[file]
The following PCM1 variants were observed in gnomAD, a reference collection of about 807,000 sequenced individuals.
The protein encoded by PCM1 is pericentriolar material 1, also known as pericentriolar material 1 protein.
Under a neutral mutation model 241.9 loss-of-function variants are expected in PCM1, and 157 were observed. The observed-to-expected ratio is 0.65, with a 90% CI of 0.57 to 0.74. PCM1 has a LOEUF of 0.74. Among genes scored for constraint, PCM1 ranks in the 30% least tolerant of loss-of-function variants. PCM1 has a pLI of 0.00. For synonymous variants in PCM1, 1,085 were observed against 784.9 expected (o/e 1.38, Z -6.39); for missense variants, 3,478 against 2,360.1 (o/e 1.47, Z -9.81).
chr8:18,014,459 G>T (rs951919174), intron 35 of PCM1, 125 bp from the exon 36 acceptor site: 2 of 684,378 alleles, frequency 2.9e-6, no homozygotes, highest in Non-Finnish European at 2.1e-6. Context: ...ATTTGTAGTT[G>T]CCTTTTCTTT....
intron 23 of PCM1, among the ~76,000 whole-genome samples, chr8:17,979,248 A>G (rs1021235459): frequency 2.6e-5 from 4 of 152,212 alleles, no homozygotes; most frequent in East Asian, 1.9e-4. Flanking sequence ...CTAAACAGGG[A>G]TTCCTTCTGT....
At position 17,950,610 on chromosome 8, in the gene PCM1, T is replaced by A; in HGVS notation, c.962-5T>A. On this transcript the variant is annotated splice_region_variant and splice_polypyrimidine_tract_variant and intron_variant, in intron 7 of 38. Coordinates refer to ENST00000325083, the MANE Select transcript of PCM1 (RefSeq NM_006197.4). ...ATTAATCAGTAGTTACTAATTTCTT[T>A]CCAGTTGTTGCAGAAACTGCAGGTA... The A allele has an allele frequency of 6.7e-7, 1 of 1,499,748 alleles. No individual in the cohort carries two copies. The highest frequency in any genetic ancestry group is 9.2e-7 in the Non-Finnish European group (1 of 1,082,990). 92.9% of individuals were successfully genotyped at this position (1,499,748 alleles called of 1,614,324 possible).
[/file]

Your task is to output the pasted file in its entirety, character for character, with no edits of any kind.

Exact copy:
The following PCM1 variants were observed in gnomAD, a reference collection of about 807,000 sequenced individuals.
The protein encoded by PCM1 is pericentriolar material 1, also known as pericentriolar material 1 protein.
Under a neutral mutation model 241.9 loss-of-function variants are expected in PCM1, and 157 were observed. The observed-to-expected ratio is 0.65, with a 90% CI of 0.57 to 0.74. PCM1 has a LOEUF of 0.74. Among genes scored for constraint, PCM1 ranks in the 30% least tolerant of loss-of-function variants. PCM1 has a pLI of 0.00. For synonymous variants in PCM1, 1,085 were observed against 784.9 expected (o/e 1.38, Z -6.39); for missense variants, 3,478 against 2,360.1 (o/e 1.47, Z -9.81).
chr8:18,014,459 G>T (rs951919174), intron 35 of PCM1, 125 bp from the exon 36 acceptor site: 2 of 684,378 alleles, frequency 2.9e-6, no homozygotes, highest in Non-Finnish European at 2.1e-6. Context: ...ATTTGTAGTT[G>T]CCTTTTCTTT....
intron 23 of PCM1, among the ~76,000 whole-genome samples, chr8:17,979,248 A>G (rs1021235459): frequency 2.6e-5 from 4 of 152,212 alleles, no homozygotes; most frequent in East Asian, 1.9e-4. Flanking sequence ...CTAAACAGGG[A>G]TTCCTTCTGT....
At position 17,950,610 on chromosome 8, in the gene PCM1, T is replaced by A; in HGVS notation, c.962-5T>A. On this transcript the variant is annotated splice_region_variant and splice_polypyrimidine_tract_variant and intron_variant, in intron 7 of 38. Coordinates refer to ENST00000325083, the MANE Select transcript of PCM1 (RefSeq NM_006197.4). ...ATTAATCAGTAGTTACTAATTTCTT[T>A]CCAGTTGTTGCAGAAACTGCAGGTA... The A allele has an allele frequency of 6.7e-7, 1 of 1,499,748 alleles. No individual in the cohort carries two copies. The highest frequency in any genetic ancestry group is 9.2e-7 in the Non-Finnish European group (1 of 1,082,990). 92.9% of individuals were successfully genotyped at this position (1,499,748 alleles called of 1,614,324 possible).